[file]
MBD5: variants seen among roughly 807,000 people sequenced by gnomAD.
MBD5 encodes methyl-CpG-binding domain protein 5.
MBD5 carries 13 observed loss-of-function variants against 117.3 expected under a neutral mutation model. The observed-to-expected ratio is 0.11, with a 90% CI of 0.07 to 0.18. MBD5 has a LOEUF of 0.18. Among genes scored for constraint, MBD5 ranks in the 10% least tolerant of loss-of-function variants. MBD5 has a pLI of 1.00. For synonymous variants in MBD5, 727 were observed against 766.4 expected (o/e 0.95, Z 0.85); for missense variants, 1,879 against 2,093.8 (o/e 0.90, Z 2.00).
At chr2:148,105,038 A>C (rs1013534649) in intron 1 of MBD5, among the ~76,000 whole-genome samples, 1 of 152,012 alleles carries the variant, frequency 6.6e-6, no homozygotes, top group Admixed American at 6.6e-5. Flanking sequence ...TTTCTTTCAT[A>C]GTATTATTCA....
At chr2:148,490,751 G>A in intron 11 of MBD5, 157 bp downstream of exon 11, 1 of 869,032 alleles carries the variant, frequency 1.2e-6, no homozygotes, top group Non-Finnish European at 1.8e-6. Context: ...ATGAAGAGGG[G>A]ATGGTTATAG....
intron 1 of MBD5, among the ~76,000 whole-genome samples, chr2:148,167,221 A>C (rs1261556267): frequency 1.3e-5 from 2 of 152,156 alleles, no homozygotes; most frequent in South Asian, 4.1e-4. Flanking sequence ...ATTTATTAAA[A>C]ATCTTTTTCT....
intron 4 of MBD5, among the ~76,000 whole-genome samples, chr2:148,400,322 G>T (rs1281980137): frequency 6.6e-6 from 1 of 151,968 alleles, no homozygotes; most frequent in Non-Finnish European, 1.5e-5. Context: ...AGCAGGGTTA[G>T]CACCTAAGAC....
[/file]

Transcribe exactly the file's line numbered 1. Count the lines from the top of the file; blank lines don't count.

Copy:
MBD5: variants seen among roughly 807,000 people sequenced by gnomAD.